“the violence of colonisation and subsequent decolonisation is what led to the current wealth and social disparity between former colonisers and the colonised. But today, decolonisation is no longer understood in its historical context as a process of separation from one’s colonisers.”

This claim requires all stakeholders to examine their role in either perpetuating the status quo though silence or facing the colonial power, challenging the powers that be, because colonialization is our present experience and not a thing of the past.  

In other sectors of the CSO and feminist movement, particularly in a report “Time to Decolonise Aid” by Peace Direct, it has been pointed out that the term ‘decolonisation’ has a secondary meaning, referring also to the process of deconstructing colonial ideologies regarding the superiority and privilege of Western thought and approaches. It is, therefore, my view, given that colonization was harmful to Africa and her peoples, that those who bring aid to Africa must be woke to the colonial thoughts and practices that continue the colonial legacy, that could be manifested in their approaches and with remnants of racism that are laced in the languages and employment policies that have a two tier structure of local staff (Blacks) and international staff (white), just as an example. Needless to say here is that the EU Delegation also enjoys diplomatic immunity from prosecution and much of their actions that could have legal ramification will not affect them.

In the midst of all these, there is an unconfessed division within the CSO and feminist movement in Lesotho that is not spoken of but that has remained simmering beneath the surface. In the words of Rafia Zakaria:

“It is the division between the women who write and speak feminism and the women who live it, the women who have voice versus the women who have experience, the ones who make the theories and policies and the ones who bear scars and sutures from the fight. While this dichotomy does not always trace racial divides, it is true that, by and large, the women who are paid to write about feminism, lead feminist organizations, and make feminist policy in the Western world are white and upper middle-class. These are our pundits, our “experts,” who know or at least claim to know what feminism means and how it works.”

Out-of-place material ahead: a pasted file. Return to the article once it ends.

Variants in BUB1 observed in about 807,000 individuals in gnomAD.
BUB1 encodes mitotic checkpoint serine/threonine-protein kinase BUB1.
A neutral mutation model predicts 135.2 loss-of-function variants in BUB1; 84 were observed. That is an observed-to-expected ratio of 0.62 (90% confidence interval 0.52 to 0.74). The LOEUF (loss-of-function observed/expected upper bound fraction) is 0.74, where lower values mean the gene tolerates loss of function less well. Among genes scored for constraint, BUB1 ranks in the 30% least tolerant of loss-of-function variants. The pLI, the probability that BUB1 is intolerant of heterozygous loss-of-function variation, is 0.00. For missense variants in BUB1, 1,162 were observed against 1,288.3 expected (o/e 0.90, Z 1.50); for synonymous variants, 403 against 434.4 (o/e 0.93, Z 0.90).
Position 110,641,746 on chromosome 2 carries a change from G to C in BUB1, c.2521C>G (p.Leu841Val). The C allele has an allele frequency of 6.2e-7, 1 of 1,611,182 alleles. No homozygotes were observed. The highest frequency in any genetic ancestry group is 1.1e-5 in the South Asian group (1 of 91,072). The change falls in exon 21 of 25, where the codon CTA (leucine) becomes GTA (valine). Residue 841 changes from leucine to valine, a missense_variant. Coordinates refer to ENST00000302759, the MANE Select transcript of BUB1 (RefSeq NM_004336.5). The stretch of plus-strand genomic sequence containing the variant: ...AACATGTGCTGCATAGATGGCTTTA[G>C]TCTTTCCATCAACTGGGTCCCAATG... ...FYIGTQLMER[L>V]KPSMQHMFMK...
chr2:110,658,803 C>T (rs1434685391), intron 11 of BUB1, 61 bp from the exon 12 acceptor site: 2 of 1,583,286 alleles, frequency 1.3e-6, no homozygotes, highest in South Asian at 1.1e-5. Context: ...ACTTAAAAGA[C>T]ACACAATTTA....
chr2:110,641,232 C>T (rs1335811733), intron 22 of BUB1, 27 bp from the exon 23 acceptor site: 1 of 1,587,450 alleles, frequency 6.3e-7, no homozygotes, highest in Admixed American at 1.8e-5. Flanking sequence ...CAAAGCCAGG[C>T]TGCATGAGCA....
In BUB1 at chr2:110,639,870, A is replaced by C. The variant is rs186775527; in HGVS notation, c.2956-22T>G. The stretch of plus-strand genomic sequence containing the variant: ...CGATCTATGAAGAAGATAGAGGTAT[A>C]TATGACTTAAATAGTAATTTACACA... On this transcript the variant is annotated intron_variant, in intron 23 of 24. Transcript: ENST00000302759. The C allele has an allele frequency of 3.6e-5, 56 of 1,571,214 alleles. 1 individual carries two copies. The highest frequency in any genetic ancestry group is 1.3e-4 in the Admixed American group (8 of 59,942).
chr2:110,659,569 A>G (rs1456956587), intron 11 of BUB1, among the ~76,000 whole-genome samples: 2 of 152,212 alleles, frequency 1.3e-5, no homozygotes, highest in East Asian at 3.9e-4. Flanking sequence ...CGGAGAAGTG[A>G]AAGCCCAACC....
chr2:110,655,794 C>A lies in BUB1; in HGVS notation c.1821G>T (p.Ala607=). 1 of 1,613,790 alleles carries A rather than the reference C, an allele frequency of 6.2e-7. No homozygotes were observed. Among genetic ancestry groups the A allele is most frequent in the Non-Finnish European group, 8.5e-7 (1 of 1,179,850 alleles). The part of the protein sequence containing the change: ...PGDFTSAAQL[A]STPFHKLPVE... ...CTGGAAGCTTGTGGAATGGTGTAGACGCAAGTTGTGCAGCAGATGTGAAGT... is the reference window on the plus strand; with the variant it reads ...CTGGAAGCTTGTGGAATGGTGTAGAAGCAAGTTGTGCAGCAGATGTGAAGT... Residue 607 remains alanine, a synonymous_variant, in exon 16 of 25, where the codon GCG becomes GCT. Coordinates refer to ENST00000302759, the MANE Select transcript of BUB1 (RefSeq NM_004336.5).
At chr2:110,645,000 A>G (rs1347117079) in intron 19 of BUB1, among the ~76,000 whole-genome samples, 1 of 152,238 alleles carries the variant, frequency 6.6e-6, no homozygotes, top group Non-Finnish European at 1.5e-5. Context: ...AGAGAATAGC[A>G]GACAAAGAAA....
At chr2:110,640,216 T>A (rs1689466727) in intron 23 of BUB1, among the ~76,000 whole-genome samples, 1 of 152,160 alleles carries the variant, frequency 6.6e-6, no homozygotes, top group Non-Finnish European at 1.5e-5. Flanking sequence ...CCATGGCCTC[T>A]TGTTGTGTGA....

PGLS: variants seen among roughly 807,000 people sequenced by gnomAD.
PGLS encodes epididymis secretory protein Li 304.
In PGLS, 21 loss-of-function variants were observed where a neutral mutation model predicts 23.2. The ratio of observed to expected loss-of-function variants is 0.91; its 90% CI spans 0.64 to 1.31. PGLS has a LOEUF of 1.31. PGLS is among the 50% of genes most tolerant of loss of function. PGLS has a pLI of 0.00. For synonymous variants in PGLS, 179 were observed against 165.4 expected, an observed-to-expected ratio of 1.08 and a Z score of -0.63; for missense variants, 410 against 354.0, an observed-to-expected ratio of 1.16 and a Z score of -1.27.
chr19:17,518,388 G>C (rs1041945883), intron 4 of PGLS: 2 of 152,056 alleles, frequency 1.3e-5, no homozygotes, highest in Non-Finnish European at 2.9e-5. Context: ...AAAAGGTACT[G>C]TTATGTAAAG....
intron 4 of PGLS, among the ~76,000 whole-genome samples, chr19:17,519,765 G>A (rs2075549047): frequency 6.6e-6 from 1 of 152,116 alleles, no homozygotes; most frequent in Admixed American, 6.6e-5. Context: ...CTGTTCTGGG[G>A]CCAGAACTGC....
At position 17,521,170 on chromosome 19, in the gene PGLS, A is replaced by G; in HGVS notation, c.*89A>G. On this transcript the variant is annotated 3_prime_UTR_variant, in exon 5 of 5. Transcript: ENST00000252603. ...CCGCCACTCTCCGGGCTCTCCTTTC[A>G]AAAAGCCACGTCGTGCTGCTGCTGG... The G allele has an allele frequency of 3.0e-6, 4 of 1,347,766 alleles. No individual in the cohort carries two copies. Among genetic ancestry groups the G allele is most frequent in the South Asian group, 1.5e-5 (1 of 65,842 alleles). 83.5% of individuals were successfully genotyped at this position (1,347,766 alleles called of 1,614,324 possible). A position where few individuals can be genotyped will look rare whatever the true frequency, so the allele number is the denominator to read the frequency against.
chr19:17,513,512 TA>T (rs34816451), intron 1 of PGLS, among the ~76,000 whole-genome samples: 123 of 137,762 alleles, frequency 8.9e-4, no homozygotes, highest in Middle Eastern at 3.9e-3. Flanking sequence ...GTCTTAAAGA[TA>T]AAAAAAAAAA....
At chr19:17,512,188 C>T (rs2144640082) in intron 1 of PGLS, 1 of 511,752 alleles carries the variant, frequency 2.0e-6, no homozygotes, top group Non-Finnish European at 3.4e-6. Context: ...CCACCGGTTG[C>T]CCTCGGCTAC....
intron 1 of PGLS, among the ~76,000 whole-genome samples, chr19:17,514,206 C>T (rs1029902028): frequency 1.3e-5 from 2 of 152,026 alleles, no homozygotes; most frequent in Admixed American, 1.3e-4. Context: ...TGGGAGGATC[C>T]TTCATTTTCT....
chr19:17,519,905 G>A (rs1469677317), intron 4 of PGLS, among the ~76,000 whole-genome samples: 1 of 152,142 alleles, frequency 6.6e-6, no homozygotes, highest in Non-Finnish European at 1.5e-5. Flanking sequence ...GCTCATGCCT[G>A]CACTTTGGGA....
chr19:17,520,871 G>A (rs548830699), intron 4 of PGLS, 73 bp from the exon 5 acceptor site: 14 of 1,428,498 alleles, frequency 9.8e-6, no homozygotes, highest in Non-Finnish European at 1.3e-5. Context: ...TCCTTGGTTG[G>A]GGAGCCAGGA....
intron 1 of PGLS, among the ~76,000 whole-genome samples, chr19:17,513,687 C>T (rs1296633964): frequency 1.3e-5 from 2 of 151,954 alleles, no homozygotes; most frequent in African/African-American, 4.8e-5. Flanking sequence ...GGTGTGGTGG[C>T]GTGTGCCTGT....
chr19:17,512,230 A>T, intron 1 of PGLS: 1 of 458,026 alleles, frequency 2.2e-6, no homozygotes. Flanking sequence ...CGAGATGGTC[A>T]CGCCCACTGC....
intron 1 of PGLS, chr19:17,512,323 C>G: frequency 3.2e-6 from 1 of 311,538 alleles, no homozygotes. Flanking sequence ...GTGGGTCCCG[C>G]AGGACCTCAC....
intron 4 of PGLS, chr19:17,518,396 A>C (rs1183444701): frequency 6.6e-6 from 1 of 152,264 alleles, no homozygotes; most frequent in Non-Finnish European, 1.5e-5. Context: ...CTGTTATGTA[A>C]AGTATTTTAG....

It is this very division that must be bridged between CSO’s and Feminists alike, if they will ever be able to challenge the current state of coloniality of aid in Lesotho. The dichotomy is keeping the movement fragmented, while some are being bled dry and their desperation –like ours- used to the benefit of others.

I am sharing this opinion very much aware of the many voices cautioning against angering the powers that be and the lingering possibility of intimidation together with and untold fear from other sections of the CSO’s in Lesotho, yet, I am doing so in the hope of bringing greater awareness to the ways in which power dynamics that are reminiscent of white gaze can reinforce structural violence and power inequalities. In this regard while these are my personal views and experience as an employee of She-Hive Association, I also like to spearhead a wider conversation about the degree to which aid organizations and recipients of aid (framed in the their language as “beneficiaries”)  will need to directly challenge their own perceptions and understanding of decolonized aid and initiate the radical changes necessary to dismantle a powerful system of positionality and privilege which is also classist and perhaps racist. Indeed, the time is now, to decolonise aid.

*Seabata Makoae is a social worker and gender equality activist.